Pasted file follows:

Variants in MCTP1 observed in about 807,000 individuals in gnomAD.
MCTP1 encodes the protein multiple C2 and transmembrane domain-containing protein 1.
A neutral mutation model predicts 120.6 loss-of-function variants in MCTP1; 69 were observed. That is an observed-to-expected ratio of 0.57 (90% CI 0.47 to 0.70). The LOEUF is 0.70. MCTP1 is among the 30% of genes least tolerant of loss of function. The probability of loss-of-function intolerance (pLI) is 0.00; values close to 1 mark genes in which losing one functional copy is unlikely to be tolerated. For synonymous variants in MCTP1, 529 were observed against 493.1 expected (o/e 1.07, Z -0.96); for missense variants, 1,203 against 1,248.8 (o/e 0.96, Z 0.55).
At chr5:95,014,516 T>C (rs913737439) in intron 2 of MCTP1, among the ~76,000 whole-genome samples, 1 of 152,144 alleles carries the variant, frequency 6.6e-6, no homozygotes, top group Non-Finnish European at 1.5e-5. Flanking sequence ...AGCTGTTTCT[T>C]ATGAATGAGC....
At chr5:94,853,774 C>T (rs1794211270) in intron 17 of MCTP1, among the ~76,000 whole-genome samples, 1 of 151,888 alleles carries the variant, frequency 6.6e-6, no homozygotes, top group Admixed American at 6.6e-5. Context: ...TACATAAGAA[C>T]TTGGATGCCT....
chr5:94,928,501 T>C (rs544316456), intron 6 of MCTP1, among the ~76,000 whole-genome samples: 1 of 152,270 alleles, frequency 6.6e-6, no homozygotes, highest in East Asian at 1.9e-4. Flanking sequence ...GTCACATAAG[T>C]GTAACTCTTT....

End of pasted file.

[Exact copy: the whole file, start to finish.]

Variants in MCTP1 observed in about 807,000 individuals in gnomAD.
MCTP1 encodes the protein multiple C2 and transmembrane domain-containing protein 1.
A neutral mutation model predicts 120.6 loss-of-function variants in MCTP1; 69 were observed. That is an observed-to-expected ratio of 0.57 (90% CI 0.47 to 0.70). The LOEUF is 0.70. MCTP1 is among the 30% of genes least tolerant of loss of function. The probability of loss-of-function intolerance (pLI) is 0.00; values close to 1 mark genes in which losing one functional copy is unlikely to be tolerated. For synonymous variants in MCTP1, 529 were observed against 493.1 expected (o/e 1.07, Z -0.96); for missense variants, 1,203 against 1,248.8 (o/e 0.96, Z 0.55).
At chr5:95,014,516 T>C (rs913737439) in intron 2 of MCTP1, among the ~76,000 whole-genome samples, 1 of 152,144 alleles carries the variant, frequency 6.6e-6, no homozygotes, top group Non-Finnish European at 1.5e-5. Flanking sequence ...AGCTGTTTCT[T>C]ATGAATGAGC....
At chr5:94,853,774 C>T (rs1794211270) in intron 17 of MCTP1, among the ~76,000 whole-genome samples, 1 of 151,888 alleles carries the variant, frequency 6.6e-6, no homozygotes, top group Admixed American at 6.6e-5. Context: ...TACATAAGAA[C>T]TTGGATGCCT....
chr5:94,928,501 T>C (rs544316456), intron 6 of MCTP1, among the ~76,000 whole-genome samples: 1 of 152,270 alleles, frequency 6.6e-6, no homozygotes, highest in East Asian at 1.9e-4. Flanking sequence ...GTCACATAAG[T>C]GTAACTCTTT....